Function of Cytokines within the TGF-β Superfamily as Determined from Transgenic and Gene Knockout Studies in Mice
Ashok B. Kulkarni,
John J. Letterio.
Several major conceptual problems regarding specific in vivo functions of the TGF-β family members remain the key focus of many researchers studying the biology of these secreted signaling molecules. More than 45 members of this family of growth factors have been identified and partially characterized for their molecular roles in numerous processes such as cell proliferation and differentiation, embryonic development, carcinogenesis, immune dysfunction, inflammation and wound healing. The high degree of similarity that exists at the structural level among the isoforms of these growth factors is accompanied by a significant overlap in function, as defined by many in vitro model systems and in vivo systems involving administration of exogenous ligand or of ligand-specific blocking antibodies. The ability to discern the critical functions of these molecules based on patterns of expression has also often been quite difficult. The evolution of more sophisticated functional genomics approaches has been recently instrumental in generating unique perspectives into the mechanisms governing the activity of the members of the TGF -β family. The studies outlined in this review are significant in that they not only support working hypotheses regarding the activities of TGF-β generated through extensive in vitro studies but also raise new questions regarding the role of each isoform in numerous processes. With the rapid advances in these approaches to probe activity in a more cell and time-dependent fashion, we will gain valuable insights for designing approaches for targeting the complex cellular pathways mediating their responses and will also help us develop novel therapies to treat disease processes.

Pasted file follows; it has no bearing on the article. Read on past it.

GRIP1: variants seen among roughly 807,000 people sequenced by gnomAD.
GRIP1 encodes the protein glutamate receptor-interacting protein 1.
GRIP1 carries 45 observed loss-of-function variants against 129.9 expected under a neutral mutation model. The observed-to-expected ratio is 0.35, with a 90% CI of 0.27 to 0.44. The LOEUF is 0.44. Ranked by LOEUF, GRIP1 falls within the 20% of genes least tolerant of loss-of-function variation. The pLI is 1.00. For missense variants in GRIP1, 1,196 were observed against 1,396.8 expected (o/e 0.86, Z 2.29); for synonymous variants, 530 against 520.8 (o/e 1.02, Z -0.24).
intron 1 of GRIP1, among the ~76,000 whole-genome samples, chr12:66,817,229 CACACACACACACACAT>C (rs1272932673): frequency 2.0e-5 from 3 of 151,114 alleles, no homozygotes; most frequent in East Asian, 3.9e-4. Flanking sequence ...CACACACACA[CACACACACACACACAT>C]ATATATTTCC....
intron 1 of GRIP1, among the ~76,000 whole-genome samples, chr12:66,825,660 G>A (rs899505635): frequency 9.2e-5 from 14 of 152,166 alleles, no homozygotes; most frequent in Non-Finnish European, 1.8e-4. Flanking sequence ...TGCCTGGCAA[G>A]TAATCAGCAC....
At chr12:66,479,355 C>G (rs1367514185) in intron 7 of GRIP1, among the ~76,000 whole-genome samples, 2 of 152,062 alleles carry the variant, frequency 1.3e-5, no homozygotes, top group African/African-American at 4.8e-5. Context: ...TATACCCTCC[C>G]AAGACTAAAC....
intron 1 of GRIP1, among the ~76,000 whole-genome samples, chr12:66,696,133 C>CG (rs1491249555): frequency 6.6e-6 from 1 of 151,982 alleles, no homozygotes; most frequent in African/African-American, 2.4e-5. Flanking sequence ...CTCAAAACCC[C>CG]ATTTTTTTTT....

Keywords: Cytokines, Gene Knockout, Transgenic, Novel Phenotypes
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